Frankly, if we assume that TEFL teachers have ‘the antithesis of minority status’ because ‘what you do or don’t do in the classroom can affect your students’ life chances,’ it would be irresponsible not to prepare students for a situation in which they cannot use their native language, and they cannot translate. This is what the goal of learning a language is; to actually be able to use it in practice outside a classroom setting, ostensively with native speakers of that language.

Yours is a fine analysis from a particular perspective. However, it misses clear things that should inform why certain things happen in the world of TEFL and how the teachers within it behave. There are, of course, ways of teaching English that are neocolonial, but the blame for that should be placed more on the systems that produce the hegemony of English and the effects of this system on those within it, teachers included. Blame the system, not the teachers.

But the question remains open: Does teaching English abroad make you a neocolonialist?

I don’t think so. What do you think?  

Nationless

Colorado 2011

Colorado 2011

I’ve been ruminating over this post for well over a year now. Three continents, four countries, and a circumnavigation of the world later, it’s still on my mind.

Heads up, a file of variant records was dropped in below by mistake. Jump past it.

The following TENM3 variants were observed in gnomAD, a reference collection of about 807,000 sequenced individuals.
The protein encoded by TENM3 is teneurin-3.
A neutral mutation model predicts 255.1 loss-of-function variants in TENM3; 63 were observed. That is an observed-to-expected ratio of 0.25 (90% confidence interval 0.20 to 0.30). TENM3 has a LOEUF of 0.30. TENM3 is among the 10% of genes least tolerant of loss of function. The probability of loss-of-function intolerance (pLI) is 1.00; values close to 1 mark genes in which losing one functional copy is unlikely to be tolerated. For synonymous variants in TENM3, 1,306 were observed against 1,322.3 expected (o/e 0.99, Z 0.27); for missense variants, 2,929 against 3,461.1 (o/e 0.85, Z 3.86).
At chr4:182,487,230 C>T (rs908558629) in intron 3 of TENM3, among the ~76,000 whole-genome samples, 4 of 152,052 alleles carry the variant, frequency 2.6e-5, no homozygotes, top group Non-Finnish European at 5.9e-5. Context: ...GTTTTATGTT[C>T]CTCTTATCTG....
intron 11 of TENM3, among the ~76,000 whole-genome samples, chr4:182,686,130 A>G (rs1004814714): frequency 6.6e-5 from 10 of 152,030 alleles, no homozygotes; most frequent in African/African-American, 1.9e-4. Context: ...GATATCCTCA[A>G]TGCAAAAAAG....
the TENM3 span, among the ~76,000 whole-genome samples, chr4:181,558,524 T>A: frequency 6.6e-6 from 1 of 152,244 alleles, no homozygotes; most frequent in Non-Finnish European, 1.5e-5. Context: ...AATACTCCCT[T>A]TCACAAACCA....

At some point, I became nationless. I am not English (or Korean, or Indian, or Chilean, or Italian). I am not “American,” either.

This is the product of my transitional life. Everything changes each time I move country. Food. Language. Circumstances. Job. Currency. Taboos. Friendships. Time zones. There is a definite immaterial bent to the material changes. I am still the same me in each new location (or at least I think I am), but the slow accumulation of these differences has slowly changed who that ‘me’ actually is.

If that weren’t confusing enough, the net effect of these combining changes is also manifested in the reactions and perceptions of those with whom I interact. People talk about third-culture children, but what about third culture adults? This is the two-pronged shitstorm of living abroad: #1, being an immigrant and all that entails, and #2 being unwelcome in one’s ‘own’ culture. One could put these in terms of being both immigrant and émigrée.

I am an immgrant. My presence in this country is contingent on my finances, my relationships, my studies, and my continued eschewal of anti-social behaviour. A government agency has decided for the moment to allow me to remain here, and can revoke that decision at any time. I have been an immigant in several countries, in several senses of the word. A student, a teacher, a volunteer, a worker, a tourist with a long visa. Five visas, four years. I’m getting rather good at this.